Talks on Talking eBook

This eBook from the Gutenberg Project consists of approximately 80 pages of information about Talks on Talking.

TYPES OF TALKERS

There is no greater affliction in modern life than the tiresome talker.  He talks incessantly.  Presumably he talks in his sleep.  Talking is his constant exercise and recreation.  He thrives on it.  He lives for talking’s sake.  He would languish if he were deprived of it for a single day.  His continuous practice in talking enables him easily to outdistance all ordinary competitors.  There is nothing which so completely unnerves him as long periods of silence.  He has the talking habit in its most virulent form.

The trifling talker is equally objectionable.  He talks much, but says little.  He skims over the surface of things, and is timid of anything deep or philosophical.  He does not tarry at one subject.  He talks of the weather, clothes, plays, and sports.  He puts little meaning into what he says, because there is little meaning in what he thinks.  He cannot look at anything seriously.  Nothing is of great significance to him.  He is in the class of featherweights.

The tedious talker is one without terminal facilities.  He talks right on with no idea of objective or destination.  He rises to go, but he does not go.  He knows he ought to go, but he simply cannot.  He has something more to say.  He keeps you standing half an hour.  He talks a while longer.  He assures you he really must go.  You tell him not to hurry.  He takes you at your word and sits down again.  He talks some more.  He rises again.  He does not know even now how to conclude.  He has no mental compass.  He is a rudderless talker.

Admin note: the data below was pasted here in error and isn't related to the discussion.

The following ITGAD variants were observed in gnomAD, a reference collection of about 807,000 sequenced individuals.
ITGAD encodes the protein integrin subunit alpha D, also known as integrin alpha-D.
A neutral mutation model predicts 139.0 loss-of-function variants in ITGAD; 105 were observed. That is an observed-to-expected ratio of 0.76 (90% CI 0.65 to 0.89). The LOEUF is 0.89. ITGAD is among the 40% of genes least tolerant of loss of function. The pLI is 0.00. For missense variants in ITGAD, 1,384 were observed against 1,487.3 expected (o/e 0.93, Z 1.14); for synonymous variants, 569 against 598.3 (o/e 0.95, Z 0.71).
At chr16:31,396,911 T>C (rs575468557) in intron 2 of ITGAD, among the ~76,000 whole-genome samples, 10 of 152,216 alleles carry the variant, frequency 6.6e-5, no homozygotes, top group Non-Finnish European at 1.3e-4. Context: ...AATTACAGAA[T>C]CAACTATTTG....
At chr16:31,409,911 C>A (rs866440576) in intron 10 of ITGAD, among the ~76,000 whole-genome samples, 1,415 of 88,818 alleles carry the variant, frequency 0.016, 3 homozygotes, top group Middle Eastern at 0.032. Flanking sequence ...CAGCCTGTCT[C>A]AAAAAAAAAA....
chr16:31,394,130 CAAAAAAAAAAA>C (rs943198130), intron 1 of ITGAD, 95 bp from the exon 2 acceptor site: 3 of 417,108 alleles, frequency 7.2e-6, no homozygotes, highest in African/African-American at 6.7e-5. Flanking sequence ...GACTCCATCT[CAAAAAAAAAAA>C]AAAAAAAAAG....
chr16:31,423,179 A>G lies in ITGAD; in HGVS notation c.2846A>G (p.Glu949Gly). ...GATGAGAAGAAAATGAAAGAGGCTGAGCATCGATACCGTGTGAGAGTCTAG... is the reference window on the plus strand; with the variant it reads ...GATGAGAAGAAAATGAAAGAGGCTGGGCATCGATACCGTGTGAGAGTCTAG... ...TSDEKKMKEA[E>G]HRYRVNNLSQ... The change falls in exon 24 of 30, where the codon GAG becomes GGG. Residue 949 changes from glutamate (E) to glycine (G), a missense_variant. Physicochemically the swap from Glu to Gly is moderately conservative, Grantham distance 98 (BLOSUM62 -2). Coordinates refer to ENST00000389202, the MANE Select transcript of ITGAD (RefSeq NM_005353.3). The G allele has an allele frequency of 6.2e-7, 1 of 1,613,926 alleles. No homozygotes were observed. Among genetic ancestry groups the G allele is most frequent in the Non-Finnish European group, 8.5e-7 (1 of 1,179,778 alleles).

Probably the most obnoxious type is the tattling talker.  He always has something startlingly personal to impart.  It is a sacred secret for your ear.  He is a wholesale dealer in gossip.  He fairly smacks his lips as he relates the latest scandal.  He is an expert embellisher.  He adroitly supplies missing details.  He has nothing of interest in his own life, since he lives wholly in the lives of others.  He is a frightful bore, but you cannot offend him.  He is adamant.

There is the tautological talker, or the human self-repeater.  He goes over the ground again and again lest you have missed something.  He is very fond of himself.  He tells the same story not twice, but a dozen times.  “You may have heard this before,” says he, “but it is so good that it will bear repetition.”  He tries to disguise his poverty of thought in a masquerade of ornate language.  If he must repeat his words, he adds a little emphasis, a flourishing gesture, or a spirit of nonchalance.

Again, there is the tenacious talker, who refuses to release you though you concede his arguments.  When all others tacitly drop a subject, he eagerly picks it up.  He is reluctant to leave it.  He would put you in possession of his special knowledge.  You may successfully refute him, but he holds firmly to his own ideas.  He is positive he is right.  He will prove it, too, if you will only listen.  He knows that he knows.  You cannot convince him to the contrary, no indeed.  He will talk you so blind that at last you are unable to see any viewpoint clearly.

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Talks on Talking from Project Gutenberg. Public domain.
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